Anarchism and the State Essay

Anarchism and the State

Anarchism and the State

States have varied both historically and geographically such that for example David Held
distinguishes between traditional states, feudal states,the polity of estates ,absolutist
states and modern states while Richards and Smith distinguish between liberal states,
social democratic states, collectivist states, totalitarian states and developmental
states. Such distinctions are extremely important but I shall be concentrating in the
following documents on the modern liberal democratic and social democratic states and
later on important more recent changes in the nature of the modern British State.

A very useful brief definition of the state has been provided by Andrew Heywood. He states
that ” the state can most simply be described as a political association that establishes
sovereign jurisdiction within defined territorial borders and exercises authority through
a set of permanent institutions.” Using this definition let us isolate the key features of
the state follows:

1. States aim to ensure that citizens comply with their laws and they may do so by
engineering the consent of the citizens and or by the use of force. The monopoly of the
legitimate use of physical force is central to Max Weber’s definition of the state. He
states that “a compulsory political organisation with continuous operations will be called
a “state” insofar as its administrative staff successfully upholds the claims to the

monopoly of the legitimate use of physical force in the enforcement of its order.”

2. It has also been argued by the French Marxist Louis Althusser that institutions such as
the family, the church, the education system and the mass media should be seen as part of
the state since they are ideological state apparatuses which function to legitimise the
continued existence of the capitalist state. However other theorists would claim that
these institutions are part of civil society rather than the State.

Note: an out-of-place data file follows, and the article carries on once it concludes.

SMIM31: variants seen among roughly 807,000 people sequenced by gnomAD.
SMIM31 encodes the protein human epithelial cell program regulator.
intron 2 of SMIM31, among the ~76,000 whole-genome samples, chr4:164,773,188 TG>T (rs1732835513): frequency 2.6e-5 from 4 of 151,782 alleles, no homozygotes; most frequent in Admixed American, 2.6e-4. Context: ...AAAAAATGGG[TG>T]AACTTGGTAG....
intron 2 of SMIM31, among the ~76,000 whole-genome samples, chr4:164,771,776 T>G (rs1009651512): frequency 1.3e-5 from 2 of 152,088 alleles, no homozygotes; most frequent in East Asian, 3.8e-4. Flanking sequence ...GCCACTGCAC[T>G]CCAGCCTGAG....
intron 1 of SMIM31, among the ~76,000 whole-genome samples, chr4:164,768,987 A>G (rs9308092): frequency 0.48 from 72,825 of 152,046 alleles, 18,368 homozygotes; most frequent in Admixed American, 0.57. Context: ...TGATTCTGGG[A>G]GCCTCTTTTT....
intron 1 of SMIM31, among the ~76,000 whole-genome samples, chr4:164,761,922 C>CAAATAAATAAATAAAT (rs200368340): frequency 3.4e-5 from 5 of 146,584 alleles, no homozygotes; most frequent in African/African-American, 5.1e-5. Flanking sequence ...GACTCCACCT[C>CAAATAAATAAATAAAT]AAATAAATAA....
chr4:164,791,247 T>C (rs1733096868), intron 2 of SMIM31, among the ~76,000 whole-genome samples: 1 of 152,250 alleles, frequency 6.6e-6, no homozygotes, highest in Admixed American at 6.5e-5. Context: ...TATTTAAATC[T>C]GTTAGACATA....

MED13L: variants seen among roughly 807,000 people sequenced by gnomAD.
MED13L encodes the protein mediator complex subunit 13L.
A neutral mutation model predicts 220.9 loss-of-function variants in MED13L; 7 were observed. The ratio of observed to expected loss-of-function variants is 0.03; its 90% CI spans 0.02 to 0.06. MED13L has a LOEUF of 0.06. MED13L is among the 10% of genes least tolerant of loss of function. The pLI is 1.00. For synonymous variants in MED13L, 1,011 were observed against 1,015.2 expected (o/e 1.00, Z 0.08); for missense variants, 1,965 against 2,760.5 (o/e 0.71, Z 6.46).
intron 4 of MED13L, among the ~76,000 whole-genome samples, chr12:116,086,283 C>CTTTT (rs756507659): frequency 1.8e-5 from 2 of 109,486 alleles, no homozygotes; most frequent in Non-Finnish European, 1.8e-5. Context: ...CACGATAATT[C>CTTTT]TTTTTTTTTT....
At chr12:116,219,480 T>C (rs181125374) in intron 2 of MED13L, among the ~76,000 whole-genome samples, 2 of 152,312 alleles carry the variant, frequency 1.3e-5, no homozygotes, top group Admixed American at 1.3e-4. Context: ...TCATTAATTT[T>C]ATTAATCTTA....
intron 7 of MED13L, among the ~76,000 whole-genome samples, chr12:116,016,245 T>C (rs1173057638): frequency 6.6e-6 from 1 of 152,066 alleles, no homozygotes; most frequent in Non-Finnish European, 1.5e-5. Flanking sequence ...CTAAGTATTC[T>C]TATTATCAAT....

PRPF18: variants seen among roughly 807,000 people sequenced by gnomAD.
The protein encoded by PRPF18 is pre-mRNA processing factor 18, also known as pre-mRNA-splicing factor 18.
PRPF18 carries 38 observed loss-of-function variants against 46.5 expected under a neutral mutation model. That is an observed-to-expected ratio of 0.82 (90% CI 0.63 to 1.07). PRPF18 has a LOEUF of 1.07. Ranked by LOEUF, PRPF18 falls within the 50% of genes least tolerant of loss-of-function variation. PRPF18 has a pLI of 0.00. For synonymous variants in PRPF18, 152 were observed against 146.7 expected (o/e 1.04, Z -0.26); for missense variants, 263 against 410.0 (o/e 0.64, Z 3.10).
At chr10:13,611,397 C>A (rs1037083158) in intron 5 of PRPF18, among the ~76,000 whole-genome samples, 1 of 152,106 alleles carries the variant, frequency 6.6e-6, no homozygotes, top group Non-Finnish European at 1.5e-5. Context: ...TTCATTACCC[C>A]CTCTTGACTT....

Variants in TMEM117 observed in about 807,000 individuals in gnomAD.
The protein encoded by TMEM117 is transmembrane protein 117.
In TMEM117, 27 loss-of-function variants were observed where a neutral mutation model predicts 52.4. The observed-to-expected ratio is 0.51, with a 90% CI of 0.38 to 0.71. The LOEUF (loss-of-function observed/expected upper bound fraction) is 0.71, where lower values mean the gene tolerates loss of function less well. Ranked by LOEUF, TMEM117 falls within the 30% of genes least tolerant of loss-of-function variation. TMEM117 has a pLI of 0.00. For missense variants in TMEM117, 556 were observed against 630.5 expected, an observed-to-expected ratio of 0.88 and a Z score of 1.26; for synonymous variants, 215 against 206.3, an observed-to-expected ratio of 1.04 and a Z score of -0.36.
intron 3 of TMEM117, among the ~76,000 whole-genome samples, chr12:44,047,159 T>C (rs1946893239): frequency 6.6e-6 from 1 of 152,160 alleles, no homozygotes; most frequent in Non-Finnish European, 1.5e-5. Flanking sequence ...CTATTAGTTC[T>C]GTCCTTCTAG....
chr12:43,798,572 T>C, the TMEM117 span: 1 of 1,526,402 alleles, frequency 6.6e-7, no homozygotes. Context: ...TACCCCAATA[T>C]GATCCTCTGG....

3. Modern states are organised on the basis of their Constitutions. A state’s constitution
may be defined as a system of rules and conventions by which the state is governed. Most
importantly the Constitution specifies the relative powers of and relationships between
the various political institutions of the state, most notably the Executive, the
Legislature and the Judiciary and the rights and obligations of the citizen in relation to
the state.

Anarchism literally means “without rule” or “without government”. It has traditionally
been associated with chaos, social disorder, destruction, violence and even terrorism. For
example in the latter stages of the French Revolution the so-called Enrages who were
critical of the Jacobin government for their failure to do more to help the poor and the
disadvantaged were described by the government as “anarchists” in this pejorative sense

and since then the word “anarchist” has often been used, particularly by moderates as a
term of political abuse. However increasingly from the late C18th political theorists
building on long standing political criticisms of authority developed an altogether more
positive interpretation of the term anarchism.

The case for Anarchism has come to rest essentially on the idea that political arguments
in support of political authority and particularly arguments in support of the state are
flawed. In the anarchist view the state does not guarantee social order, nor protect
individual liberty, nor create the economic conditions for the improvement of working
class life as conservatives, liberals and non-anarchist socialists would argue: rather the
state constrains the individual and creates social disorder. Conversely the anarchists
claim it is only individual freedom and the abolition of the state which will result in
real human self-development and social harmony. To see this let us discuss the Anarchist

We must recognise that although the ideology of Anarchism contains important core elements
there are also major divergences within this ideology. Anarchists are committed to the
cause of individual liberty. They believe that individuals are the best judges of their
own best interests and that they should therefore possess the high degree of liberty
necessary to enable them to think and act as they see fit. The exercise of individual

liberty will result also in social order and social harmony whereas if individuals are
constrained by other individuals and organisations and especially if they are constrained
by the State the result will be social disorder and social disharmony.

All anarchists of all types are united in their opposition to authority and in particular
to the authority of the State. Whereas Liberals, Conservatives and non-Anarchist
Socialists advance various justifications for the existence of the State Anarchists argue
that States destroy individual liberty and in doing so undermine social order and harmony

All anarchists oppose all forms of the State. They obviously reject dictatorships as
tyrannical but they also reject liberal democratic states and the theories which seek to
justify them and they are perhaps particularly critical of so-called state socialist
states which according to anarchists have perverted the aims of anarchist libertarian

Anarchists criticise liberal democratic states on the following grounds.

• Liberal democratic states, like all states, interfere with individual freedom which is
essential to promote human self-development and social order.
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